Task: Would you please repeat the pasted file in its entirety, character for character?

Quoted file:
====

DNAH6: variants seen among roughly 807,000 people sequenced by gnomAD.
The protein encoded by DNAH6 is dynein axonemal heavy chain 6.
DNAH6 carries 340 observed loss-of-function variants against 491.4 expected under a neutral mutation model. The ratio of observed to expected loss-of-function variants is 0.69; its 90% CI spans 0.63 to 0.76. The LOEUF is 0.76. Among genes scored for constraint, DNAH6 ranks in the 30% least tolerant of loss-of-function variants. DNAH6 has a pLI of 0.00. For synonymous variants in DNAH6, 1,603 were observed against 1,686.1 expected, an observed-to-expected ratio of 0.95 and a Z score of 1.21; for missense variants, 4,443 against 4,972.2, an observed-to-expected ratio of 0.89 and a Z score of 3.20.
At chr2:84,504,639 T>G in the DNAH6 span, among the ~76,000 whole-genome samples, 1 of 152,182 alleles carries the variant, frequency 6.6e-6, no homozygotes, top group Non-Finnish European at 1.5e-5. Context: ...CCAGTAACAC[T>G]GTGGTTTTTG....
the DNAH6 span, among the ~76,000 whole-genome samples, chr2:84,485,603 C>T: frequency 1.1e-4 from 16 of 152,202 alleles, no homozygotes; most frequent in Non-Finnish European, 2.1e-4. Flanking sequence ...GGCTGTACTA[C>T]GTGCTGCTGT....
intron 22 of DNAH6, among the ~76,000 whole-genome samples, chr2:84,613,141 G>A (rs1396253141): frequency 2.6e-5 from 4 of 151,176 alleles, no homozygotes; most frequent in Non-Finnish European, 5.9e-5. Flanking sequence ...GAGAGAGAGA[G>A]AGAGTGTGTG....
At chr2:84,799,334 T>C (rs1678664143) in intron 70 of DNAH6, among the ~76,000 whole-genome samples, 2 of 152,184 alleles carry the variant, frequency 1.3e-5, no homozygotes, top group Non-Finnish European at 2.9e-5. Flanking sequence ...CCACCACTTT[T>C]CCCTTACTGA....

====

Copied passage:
DNAH6: variants seen among roughly 807,000 people sequenced by gnomAD.
The protein encoded by DNAH6 is dynein axonemal heavy chain 6.
DNAH6 carries 340 observed loss-of-function variants against 491.4 expected under a neutral mutation model. The ratio of observed to expected loss-of-function variants is 0.69; its 90% CI spans 0.63 to 0.76. The LOEUF is 0.76. Among genes scored for constraint, DNAH6 ranks in the 30% least tolerant of loss-of-function variants. DNAH6 has a pLI of 0.00. For synonymous variants in DNAH6, 1,603 were observed against 1,686.1 expected, an observed-to-expected ratio of 0.95 and a Z score of 1.21; for missense variants, 4,443 against 4,972.2, an observed-to-expected ratio of 0.89 and a Z score of 3.20.
At chr2:84,504,639 T>G in the DNAH6 span, among the ~76,000 whole-genome samples, 1 of 152,182 alleles carries the variant, frequency 6.6e-6, no homozygotes, top group Non-Finnish European at 1.5e-5. Context: ...CCAGTAACAC[T>G]GTGGTTTTTG....
the DNAH6 span, among the ~76,000 whole-genome samples, chr2:84,485,603 C>T: frequency 1.1e-4 from 16 of 152,202 alleles, no homozygotes; most frequent in Non-Finnish European, 2.1e-4. Flanking sequence ...GGCTGTACTA[C>T]GTGCTGCTGT....
intron 22 of DNAH6, among the ~76,000 whole-genome samples, chr2:84,613,141 G>A (rs1396253141): frequency 2.6e-5 from 4 of 151,176 alleles, no homozygotes; most frequent in Non-Finnish European, 5.9e-5. Flanking sequence ...GAGAGAGAGA[G>A]AGAGTGTGTG....
At chr2:84,799,334 T>C (rs1678664143) in intron 70 of DNAH6, among the ~76,000 whole-genome samples, 2 of 152,184 alleles carry the variant, frequency 1.3e-5, no homozygotes, top group Non-Finnish European at 2.9e-5. Flanking sequence ...CCACCACTTT[T>C]CCCTTACTGA....